Comics: Dejah Thoris #0 and #1 - Reviewed

This new series from Dynamite, based on stories and characters originally devised by Edgar Rice Burroughs, begins with standard fare in issue # 0. We’re introduced to the mythology of Dejah Thoris’ homeworld of Barsoom through flashbacks, as we see the inhabitants of Barsoom descend into conflicts that have obvious parallels in the real world. The purpose is to set up the conflict that will drive the rest of the narrative, and in that sense, the creators get the job done. 

Amy Chu’s writing follows the standard trope of the Hero’s Journey, this time with an adventurous heroine who has the typical rebellious streak. Dejah seeks to defy the confines of her royal heritage and upbringing to seek out a lost paradise that could bring hope to her ailing planet. Issue # 0 follows the beginning of her journey as we are presented with her motivations to seek out the mythical Ephysium. 

The rest of characters, overall, are standard and don’t express much depth, and in that sense, the script is quite basic. 

While the artwork for the individual characters is solid and crisp, Qualano’s sense of sequencing of the panels is a little bit off. We go from one scene to another without a clear delineation of all the events taking place in a given scene, and there is an excessive use of close-ups of characters while the background seems lifeless in comparison. 

Issue #0 ends with a cliffhanger that sets up a clear conflict for the next issue, as Dejahs make a choice that could have lasting ramifications not only for her people but for her future. Overall, for a special 25 cent issue, it serves its purpose as a decent entry point for readers who are looking for a few minutes of decent entertainment, but it’s nothing that will blow anyone’s socks off.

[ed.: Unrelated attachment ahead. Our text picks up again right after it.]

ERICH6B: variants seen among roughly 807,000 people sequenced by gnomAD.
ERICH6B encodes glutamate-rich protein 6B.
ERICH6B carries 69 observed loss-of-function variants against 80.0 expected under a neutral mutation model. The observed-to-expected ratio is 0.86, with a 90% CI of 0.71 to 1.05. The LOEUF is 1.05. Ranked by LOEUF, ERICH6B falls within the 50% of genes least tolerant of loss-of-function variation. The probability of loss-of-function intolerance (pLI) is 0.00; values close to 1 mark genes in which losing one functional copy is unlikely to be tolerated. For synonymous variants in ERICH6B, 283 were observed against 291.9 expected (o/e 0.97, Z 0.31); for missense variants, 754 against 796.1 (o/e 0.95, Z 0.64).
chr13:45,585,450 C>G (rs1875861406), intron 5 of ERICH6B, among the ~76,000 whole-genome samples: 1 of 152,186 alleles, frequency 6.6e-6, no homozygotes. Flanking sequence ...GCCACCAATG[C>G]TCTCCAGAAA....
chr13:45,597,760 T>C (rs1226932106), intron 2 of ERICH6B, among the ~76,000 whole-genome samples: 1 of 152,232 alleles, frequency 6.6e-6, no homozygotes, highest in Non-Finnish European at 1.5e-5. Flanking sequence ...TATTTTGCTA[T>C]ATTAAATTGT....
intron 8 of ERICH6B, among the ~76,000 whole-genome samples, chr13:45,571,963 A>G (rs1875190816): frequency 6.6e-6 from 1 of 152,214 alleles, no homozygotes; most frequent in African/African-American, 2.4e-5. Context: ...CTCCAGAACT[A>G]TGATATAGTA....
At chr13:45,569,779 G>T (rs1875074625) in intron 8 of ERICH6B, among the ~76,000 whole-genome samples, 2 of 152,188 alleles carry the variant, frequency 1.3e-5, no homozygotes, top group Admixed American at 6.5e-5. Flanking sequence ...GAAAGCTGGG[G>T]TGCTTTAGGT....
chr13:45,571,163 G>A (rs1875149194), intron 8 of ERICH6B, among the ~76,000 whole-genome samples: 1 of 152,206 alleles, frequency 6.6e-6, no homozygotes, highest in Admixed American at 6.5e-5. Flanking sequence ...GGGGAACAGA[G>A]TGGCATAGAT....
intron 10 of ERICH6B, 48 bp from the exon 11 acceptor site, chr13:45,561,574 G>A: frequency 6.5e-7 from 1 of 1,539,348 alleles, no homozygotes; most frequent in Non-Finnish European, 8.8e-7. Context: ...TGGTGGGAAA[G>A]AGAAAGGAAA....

Rather than picking up right where issue #0 leaves off, issue #1 retreads the same ground as its predecessor in the first couple of pages, repeating some information and adding in a few new details about Ephysium that were not mentioned before. 

The cliffhanger from #0 is not even addressed until about halfway through the issue, and the characters’ reactions to the chain of events are underwhelming. The reader doesn’t feel the true impact of Dejah’s decisions, and new characters are simply introduced to meet the demands of the plot; any sense of actual suspense or tension is barely palpable. While the reader can feel some sympathy for Dejah, the other characters remain largely disposable. Issue #1 also ends with a cliffhanger but not in a way that advances anticipation for what comes next. 

The art is a bit better this time around, but we still go from scene to scene without a stable sense of perspective for the reader. Rather than being shown what is happening through art, the reader is left to fill in the blanks through the given dialogue. 

The covers for both issues are very well done, but it’s obvious that they are being used to market the books through sex appeal. Perhaps Dynamite knows that the story on its own is not strong enough yet to carry the series on a long-term basis. 

-Berk Koca